Sometimes the most complex solutions require simple solutions for the best results. In the case of developing storyboards for m-learning content the answer probably on your desk already- Post-It Notes.
Once you determine what device your audience will be using, it is easy to choose what 'software' to use.
For PDA users, the larger 3 x 5 post it is almost a perfect match to the screen.
For small screen mobile phones such as the Motorola V710, the smaller 1 x 3 Post-It will work.
With the variety of Post-It notes available, almost every device screen size imaginable could be represented.
At this point, you will take the information from your content Model of Performance and start placing it on your chosen Post-It notes. You'll notice that the limited size of the Post-It notes will force you to consider what content is vital and what is filler.
Group your content into categories, especially if your content could be sent as separate files or courses. Remember that the memory and download speed on mobile devices is greatly limited.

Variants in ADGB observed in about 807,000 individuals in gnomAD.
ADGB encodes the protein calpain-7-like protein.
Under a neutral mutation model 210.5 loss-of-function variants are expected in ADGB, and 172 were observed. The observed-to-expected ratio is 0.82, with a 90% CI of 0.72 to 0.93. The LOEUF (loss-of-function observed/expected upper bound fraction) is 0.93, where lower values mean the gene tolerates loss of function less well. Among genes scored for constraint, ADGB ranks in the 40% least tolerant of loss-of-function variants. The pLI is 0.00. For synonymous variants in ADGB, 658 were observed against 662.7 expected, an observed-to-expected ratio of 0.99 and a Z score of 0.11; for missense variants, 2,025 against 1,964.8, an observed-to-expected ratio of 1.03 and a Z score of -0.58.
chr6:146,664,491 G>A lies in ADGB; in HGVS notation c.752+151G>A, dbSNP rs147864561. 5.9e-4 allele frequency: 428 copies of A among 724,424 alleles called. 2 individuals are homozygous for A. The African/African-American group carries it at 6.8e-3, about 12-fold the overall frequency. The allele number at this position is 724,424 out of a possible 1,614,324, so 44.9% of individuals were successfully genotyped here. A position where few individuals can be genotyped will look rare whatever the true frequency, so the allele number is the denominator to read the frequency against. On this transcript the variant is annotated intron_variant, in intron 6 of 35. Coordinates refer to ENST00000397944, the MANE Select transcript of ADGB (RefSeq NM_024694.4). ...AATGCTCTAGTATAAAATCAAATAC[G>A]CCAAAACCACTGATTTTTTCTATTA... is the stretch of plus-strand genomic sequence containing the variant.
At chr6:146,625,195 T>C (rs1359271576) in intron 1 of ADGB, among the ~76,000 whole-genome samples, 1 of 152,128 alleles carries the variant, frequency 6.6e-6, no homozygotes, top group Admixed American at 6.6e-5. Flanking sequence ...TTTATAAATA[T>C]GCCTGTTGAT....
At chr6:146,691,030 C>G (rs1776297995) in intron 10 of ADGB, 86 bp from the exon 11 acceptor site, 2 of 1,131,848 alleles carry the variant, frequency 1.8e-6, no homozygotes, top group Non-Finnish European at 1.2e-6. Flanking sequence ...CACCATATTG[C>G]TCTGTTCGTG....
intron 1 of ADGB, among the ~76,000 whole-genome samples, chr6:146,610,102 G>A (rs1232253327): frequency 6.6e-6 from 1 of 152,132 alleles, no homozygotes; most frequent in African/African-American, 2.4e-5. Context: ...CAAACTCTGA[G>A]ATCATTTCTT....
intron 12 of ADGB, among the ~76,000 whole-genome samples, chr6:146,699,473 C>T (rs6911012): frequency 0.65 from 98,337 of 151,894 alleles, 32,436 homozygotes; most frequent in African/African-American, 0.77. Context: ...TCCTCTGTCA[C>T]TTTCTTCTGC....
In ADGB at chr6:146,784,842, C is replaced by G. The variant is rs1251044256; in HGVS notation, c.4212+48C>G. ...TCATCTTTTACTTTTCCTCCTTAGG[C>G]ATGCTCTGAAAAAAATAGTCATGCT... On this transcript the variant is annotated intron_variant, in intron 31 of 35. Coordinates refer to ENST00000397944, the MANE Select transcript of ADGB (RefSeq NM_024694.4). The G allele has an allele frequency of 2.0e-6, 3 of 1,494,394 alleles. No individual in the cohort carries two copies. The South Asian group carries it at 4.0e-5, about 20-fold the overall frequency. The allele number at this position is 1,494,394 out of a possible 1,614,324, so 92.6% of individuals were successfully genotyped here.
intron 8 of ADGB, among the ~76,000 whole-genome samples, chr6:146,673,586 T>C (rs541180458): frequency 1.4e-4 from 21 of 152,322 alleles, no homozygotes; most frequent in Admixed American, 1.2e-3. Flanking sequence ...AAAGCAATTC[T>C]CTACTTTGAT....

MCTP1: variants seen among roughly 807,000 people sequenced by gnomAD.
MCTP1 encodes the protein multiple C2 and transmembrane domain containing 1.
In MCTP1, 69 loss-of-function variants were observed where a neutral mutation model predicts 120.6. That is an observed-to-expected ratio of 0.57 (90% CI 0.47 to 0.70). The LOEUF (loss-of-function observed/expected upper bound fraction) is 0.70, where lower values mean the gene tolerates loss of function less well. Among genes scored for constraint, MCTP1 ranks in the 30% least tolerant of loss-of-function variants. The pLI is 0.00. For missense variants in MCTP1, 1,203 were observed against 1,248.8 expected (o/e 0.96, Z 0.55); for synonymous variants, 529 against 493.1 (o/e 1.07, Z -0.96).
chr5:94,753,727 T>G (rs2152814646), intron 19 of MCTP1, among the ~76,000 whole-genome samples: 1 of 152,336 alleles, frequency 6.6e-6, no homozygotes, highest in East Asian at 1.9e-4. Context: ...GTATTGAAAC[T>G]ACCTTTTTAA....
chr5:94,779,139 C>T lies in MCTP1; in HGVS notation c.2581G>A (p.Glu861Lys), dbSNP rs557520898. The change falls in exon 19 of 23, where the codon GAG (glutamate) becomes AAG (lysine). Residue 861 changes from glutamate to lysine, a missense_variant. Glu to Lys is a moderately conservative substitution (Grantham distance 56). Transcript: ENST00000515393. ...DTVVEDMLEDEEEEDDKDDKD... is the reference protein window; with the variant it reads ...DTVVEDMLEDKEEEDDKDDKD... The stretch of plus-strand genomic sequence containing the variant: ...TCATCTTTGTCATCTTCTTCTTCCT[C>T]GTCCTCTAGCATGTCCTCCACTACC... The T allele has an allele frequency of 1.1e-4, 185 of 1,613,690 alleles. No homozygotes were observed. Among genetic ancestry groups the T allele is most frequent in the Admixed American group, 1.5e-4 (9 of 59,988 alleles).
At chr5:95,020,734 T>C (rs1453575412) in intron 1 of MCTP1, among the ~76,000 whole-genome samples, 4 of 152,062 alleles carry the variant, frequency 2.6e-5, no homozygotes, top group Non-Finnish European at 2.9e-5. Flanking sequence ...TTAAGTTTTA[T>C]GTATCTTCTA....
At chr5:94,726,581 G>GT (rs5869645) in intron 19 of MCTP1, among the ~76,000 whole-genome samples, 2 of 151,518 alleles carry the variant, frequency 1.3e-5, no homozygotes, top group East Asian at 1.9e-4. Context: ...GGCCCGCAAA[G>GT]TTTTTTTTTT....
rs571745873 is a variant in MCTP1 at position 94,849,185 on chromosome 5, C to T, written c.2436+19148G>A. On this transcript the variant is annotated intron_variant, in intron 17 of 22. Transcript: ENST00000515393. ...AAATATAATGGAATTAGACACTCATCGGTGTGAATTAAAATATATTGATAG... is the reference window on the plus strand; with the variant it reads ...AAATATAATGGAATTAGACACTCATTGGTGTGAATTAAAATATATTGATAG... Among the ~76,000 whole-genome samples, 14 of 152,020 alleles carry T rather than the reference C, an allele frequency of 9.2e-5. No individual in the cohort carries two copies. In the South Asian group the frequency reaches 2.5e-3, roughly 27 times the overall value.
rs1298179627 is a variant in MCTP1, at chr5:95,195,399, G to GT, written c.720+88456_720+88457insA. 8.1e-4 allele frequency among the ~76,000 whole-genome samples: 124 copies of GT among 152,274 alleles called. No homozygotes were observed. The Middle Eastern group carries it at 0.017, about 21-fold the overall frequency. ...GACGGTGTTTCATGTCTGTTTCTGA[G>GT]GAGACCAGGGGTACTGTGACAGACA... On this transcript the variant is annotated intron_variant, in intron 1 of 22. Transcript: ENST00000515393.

At this point you now should start creating the flow for your course. I personally prefer to use the Post-It tabs as a way to identify different types of interactions, similar to the icons one would use in Visio.
That advantage of the Post-It method is that changes can be made to your story board on the fly. This visual method of design could always be reproduced with many commercial software programs such as Visio, however, I found it somewhat easier to jot notes and move Post-It notes around a board or wall much easier in this early design stage.
The drawback to the Post it method can be a complete loss of an entire rainforest for those who are too verbose in their content writing.
If your office looks like the image below, you may want to consider hiring a contractor for your instructional design jobs.
This article was originally published at www.mlearningworld.com .
This article was also referenced in the publication, Paper Prototyping in a Design Framework for Professional Mobile Learning by David Parsons, Hokyoung Ryu, Rameh Lal, and Stephen Ford for the Institute of Informatmathematicalematical Sciences, Massey University, Albany, Auckland, New Zealand.
Other references to this article can be found at www.mlearnopedia.com .